Understanding our Arms and Motto
The University of Leicester was founded in 1921 as a memorial to those who had fallen in the First World War. This is expressed in its motto Ut vitam habeant. But this was not the only suggestion.
Others included: ‘Learning by doing’, ‘Dare to be wise’ and ‘I hand on the torch of life’. Local newspapers reported on these various suggestions and encouraged readers to make their own. In the end, it was the principal’s (Dr Rattray’s) motto that was chosen: Ut vitam habeant – That They May Have Life.
The motto features as part of the university’s ‘heraldic achievement’, which was granted by the College of Arms on 3 April 1922. This was designed by local sculptor Joseph Morcom. It features a coat of arms emblazoned on the shield, and each part of the shield has a special meaning. Because the university was originally founded as Leicester, Leicestershire and Rutland College (it gained university status in 1957), the two flowers or cinquefoils on the shield represent Leicester and Leicestershire, and the horseshoe represents Rutland. Meanwhile, the book symbolises learning. On the top of the shield is a helm and a crest – a bird or demi-gryphon holding a book – and this is taken from the coat of arms of the university’s greatest benefactor, Thomas Fielding Johnson.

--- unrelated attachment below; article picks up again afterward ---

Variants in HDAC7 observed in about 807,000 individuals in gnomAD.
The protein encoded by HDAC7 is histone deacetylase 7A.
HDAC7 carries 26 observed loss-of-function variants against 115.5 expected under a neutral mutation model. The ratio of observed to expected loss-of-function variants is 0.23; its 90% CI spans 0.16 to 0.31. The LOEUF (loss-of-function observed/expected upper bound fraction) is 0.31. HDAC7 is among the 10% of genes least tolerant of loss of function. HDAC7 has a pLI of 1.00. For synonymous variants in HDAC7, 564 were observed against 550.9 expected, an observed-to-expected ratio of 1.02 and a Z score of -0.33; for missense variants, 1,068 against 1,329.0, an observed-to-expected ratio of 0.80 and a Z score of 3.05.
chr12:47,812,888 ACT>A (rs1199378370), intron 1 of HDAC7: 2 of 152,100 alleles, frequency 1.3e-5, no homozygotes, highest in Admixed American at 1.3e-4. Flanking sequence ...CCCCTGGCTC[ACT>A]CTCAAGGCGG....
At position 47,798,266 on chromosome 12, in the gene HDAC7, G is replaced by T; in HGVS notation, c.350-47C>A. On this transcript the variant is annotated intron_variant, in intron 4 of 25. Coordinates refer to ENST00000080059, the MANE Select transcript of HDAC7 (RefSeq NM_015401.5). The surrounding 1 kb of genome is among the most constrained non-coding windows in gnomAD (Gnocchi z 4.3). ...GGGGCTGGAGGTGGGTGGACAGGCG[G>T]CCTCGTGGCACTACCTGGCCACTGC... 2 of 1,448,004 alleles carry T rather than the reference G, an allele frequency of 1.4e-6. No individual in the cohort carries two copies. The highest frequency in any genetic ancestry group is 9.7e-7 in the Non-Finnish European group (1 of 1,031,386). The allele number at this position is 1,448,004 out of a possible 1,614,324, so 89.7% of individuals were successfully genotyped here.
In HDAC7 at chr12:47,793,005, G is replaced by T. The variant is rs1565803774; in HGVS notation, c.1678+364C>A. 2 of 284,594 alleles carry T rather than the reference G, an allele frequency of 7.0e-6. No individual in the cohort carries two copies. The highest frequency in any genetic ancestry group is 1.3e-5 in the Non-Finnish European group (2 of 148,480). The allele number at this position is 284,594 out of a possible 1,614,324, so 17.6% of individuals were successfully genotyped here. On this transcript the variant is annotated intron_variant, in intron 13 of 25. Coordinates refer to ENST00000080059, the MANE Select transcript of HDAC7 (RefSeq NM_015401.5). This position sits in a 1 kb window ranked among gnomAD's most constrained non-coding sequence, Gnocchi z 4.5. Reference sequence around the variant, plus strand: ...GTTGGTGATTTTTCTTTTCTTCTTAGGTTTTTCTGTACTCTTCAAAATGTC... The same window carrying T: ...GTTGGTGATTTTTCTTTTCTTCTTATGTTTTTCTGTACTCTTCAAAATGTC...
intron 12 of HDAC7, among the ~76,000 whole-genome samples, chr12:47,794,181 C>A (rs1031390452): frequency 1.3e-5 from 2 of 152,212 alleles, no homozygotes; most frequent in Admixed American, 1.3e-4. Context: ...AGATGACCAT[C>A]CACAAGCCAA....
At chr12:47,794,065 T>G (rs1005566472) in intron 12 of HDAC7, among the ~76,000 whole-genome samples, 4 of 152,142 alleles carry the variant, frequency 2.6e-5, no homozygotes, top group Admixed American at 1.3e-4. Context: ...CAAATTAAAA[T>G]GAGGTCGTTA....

The university’s coat of arms and motto have always been an important part of its identity. They can be read as expressions of what the founders wanted the university to be: a place of learning, a place of importance to the local community, a place of remembrance and of looking forward. The design of the arms and the crest has changed over the years to reflect the styles and tastes of the time, perhaps suggesting an ongoing desire for the university to be contemporary and modern. But the motto always reminds us of the university’s roots and the memories of those it seeks to commemorate.
Researched and written by Peter Lester